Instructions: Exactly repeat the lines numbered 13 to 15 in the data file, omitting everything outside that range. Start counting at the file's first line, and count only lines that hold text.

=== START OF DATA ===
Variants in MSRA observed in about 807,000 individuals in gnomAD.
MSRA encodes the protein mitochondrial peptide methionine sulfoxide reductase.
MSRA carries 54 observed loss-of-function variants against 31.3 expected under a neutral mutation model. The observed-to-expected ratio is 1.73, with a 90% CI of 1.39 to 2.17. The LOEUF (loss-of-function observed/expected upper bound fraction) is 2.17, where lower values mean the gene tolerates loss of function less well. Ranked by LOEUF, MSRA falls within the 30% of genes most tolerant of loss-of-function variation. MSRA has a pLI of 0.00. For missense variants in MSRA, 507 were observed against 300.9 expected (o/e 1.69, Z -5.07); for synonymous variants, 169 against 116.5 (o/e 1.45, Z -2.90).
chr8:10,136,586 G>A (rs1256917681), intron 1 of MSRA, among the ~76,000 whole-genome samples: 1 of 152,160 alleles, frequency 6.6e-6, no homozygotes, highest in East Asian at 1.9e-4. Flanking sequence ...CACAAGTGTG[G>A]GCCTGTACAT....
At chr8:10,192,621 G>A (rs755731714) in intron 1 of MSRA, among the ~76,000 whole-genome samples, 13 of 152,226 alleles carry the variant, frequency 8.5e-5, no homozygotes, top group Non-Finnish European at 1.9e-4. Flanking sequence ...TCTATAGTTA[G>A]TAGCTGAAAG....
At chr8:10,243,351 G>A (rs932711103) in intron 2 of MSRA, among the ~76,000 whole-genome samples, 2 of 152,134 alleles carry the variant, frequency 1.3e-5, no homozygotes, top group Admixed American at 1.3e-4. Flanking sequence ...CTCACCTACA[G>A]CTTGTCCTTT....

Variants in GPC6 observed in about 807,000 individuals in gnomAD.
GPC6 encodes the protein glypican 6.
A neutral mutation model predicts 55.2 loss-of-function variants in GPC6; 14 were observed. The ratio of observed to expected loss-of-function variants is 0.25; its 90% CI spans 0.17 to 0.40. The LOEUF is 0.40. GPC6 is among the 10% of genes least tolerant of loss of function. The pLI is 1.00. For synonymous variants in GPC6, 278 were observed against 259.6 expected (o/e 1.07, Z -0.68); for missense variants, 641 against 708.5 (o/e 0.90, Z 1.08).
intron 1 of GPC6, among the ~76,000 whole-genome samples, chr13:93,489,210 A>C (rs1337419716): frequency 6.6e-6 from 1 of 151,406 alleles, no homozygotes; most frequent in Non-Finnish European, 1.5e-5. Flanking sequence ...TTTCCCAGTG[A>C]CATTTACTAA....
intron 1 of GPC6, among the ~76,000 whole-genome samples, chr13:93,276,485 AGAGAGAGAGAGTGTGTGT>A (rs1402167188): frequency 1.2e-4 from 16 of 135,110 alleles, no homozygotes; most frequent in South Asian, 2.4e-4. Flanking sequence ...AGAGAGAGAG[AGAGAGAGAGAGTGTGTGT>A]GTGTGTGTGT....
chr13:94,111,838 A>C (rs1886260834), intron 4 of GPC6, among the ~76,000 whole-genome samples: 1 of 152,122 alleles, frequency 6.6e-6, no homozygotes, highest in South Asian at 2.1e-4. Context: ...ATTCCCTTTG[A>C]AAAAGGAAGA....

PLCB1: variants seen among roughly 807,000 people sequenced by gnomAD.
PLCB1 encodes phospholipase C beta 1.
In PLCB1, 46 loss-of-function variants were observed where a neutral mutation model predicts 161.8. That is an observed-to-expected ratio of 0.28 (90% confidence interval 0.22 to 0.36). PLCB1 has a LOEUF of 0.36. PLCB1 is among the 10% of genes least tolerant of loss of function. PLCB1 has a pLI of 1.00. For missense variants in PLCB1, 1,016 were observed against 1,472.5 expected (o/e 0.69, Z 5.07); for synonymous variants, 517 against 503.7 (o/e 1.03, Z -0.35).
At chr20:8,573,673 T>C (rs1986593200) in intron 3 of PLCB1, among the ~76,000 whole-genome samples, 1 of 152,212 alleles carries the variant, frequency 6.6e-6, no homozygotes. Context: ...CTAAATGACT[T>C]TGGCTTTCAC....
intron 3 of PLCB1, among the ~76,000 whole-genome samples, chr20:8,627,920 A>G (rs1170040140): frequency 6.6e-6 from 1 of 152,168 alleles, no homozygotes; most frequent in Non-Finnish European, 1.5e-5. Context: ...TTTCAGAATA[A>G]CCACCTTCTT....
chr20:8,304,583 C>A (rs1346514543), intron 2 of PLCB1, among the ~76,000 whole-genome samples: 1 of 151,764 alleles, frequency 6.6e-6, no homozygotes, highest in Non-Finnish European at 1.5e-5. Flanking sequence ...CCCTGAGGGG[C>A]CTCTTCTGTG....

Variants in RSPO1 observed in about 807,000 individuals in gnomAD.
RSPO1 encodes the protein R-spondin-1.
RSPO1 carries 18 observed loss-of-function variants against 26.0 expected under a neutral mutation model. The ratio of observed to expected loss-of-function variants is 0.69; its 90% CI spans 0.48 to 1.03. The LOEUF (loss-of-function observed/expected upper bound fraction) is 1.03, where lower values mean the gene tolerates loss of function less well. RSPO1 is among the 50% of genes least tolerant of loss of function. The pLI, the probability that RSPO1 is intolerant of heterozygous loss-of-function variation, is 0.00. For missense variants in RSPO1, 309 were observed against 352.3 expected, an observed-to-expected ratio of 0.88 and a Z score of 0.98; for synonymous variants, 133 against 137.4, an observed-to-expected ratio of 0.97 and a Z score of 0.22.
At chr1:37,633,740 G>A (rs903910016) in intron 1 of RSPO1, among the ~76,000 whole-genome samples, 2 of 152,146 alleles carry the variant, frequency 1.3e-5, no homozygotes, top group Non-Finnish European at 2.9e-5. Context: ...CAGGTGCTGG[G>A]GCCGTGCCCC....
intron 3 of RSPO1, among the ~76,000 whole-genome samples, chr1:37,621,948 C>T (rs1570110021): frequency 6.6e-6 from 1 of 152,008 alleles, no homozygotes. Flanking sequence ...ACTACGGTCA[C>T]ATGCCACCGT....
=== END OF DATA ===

PLCB1: variants seen among roughly 807,000 people sequenced by gnomAD.
PLCB1 encodes phospholipase C beta 1.
In PLCB1, 46 loss-of-function variants were observed where a neutral mutation model predicts 161.8. That is an observed-to-expected ratio of 0.28 (90% confidence interval 0.22 to 0.36). PLCB1 has a LOEUF of 0.36. PLCB1 is among the 10% of genes least tolerant of loss of function. PLCB1 has a pLI of 1.00. For missense variants in PLCB1, 1,016 were observed against 1,472.5 expected (o/e 0.69, Z 5.07); for synonymous variants, 517 against 503.7 (o/e 1.03, Z -0.35).